Take Time to Evaluate Options

Each alternative presents challenges and concerns, and there is no single “right” answer.  But most organizations default to keeping responsive actions confidential, without even entertaining the possibility of an alternative approach.  I invite you to consider something different, weigh the upsides and downsides of greater transparency, and do not fall into the trap of maintaining the status quo simply for the sake of being consistent with past practice.

Facebooktwitterredditpinterestlinkedinmail
27

April, 2022

Maine as National Example Disappoints Employers with Newest Law on Paid Time Off

By Tracey I. Levy

A plethora of paid leave laws currently plague multi-jurisdiction employers and they seem to multiply with each passing year. The concept of paid sick leave, which originated in San Francisco in 2007, has spread to 16 states and at least 25 localities across the country.

Sick Leave Isn’t Just for Being Sick, And Other Complications

“Sick” leave as defined by many of these laws is a far cry from typical employer policies in that usage often extends beyond an employee’s own illness and injury to include:

  • routine well visits for medical care;
  • care of an employee’s family member (in the broadest sense);
  • “safe” time for victims of domestic violence, sexual assault or similar crimes; and
  • coverage when a school, childcare center or place of employment is closed due to a public health emergency.

Particularly challenging for employers are the differences between the laws, in terms of leave time granted, permitted uses, accruals, carryover and requisite notice. So while the laws consistently state that an employer can maintain its own sick leave policy provided it meets all the elements of the legally-mandated sick leave, the varying requirements collectively make it nearly impossible to have one fully-compliant one-size-fits-all policy.

Maine Approached It Differently

Enter Maine with its paid personal leave law. It was refreshing in its simplicity.  Rather than adding an ever more expansive list of reasons why employees could use paid leave, the Maine law says the reason is irrelevant.  If you have more than 10 employees, full-time, part-time or otherwise, then you must provide them with up to 40 hours of paid leave, per year, for any purpose, provided they give reasonable notice. While there surely are employers of that size who do not already provide 5 days of paid time off per year, a great many provide that much or more. For those with existing paid time off policies, tailoring those policies to comply with the new Maine law should be relatively easy.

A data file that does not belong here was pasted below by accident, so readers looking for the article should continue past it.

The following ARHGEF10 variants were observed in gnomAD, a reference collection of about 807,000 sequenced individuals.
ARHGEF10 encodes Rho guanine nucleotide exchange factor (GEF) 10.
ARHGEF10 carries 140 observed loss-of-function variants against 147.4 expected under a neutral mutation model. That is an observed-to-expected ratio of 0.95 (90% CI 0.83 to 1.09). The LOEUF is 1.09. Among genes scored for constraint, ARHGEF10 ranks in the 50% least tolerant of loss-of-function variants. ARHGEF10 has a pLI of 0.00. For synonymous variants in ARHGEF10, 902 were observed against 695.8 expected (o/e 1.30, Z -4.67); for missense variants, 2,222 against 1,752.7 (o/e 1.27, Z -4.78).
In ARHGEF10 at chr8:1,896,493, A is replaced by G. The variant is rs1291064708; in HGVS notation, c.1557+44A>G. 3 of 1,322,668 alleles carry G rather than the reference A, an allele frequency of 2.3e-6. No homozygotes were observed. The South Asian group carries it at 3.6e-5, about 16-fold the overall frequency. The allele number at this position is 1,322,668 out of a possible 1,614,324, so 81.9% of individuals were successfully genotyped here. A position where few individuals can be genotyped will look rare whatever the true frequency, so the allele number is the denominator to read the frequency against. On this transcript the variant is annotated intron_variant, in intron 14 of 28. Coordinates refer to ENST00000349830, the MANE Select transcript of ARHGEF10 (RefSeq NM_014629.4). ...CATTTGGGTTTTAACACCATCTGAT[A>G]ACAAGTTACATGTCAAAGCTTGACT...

The only element of the law that deviates from typical employer practice (but aligns with most of the paid sick leave laws), is that employees need to be able to carryover up to 40 hours of accrued, unused paid leave from one calendar year to the next. When not subject to legal mandates, private sector employers typically restrict carryover of paid time off to a fixed number of days and require that the carryover days be used within a duration of three to six months into the new year. Employers may incur a cost when carryover is mandated, in that accrued days may need to be reflected as a pending liability in their business records.  Employers are therefore disinclined to allow too much in the way of carryover. While the Maine carryover mandate may require employers to modify their vacation or other paid time off policies, overall the law is simpler than the approach taken in other states and localities.

And Then Maine Complicated Things

But now, things have changed a bit.  Maine’s governor just signed a new law, which takes effect January 1, 2023, that amends the state’s wage statute to require employers to pay out employees for accrued, unused vacation upon termination.  Other states, like Massachusetts, Rhode Island and Illinois, have similar legal requirements, which thereby discourage employers from granting vacation time in a lump sum at the outset of the year, and deny employees the flexibility that comes with front-loaded vacation time.

Lesson for Legislators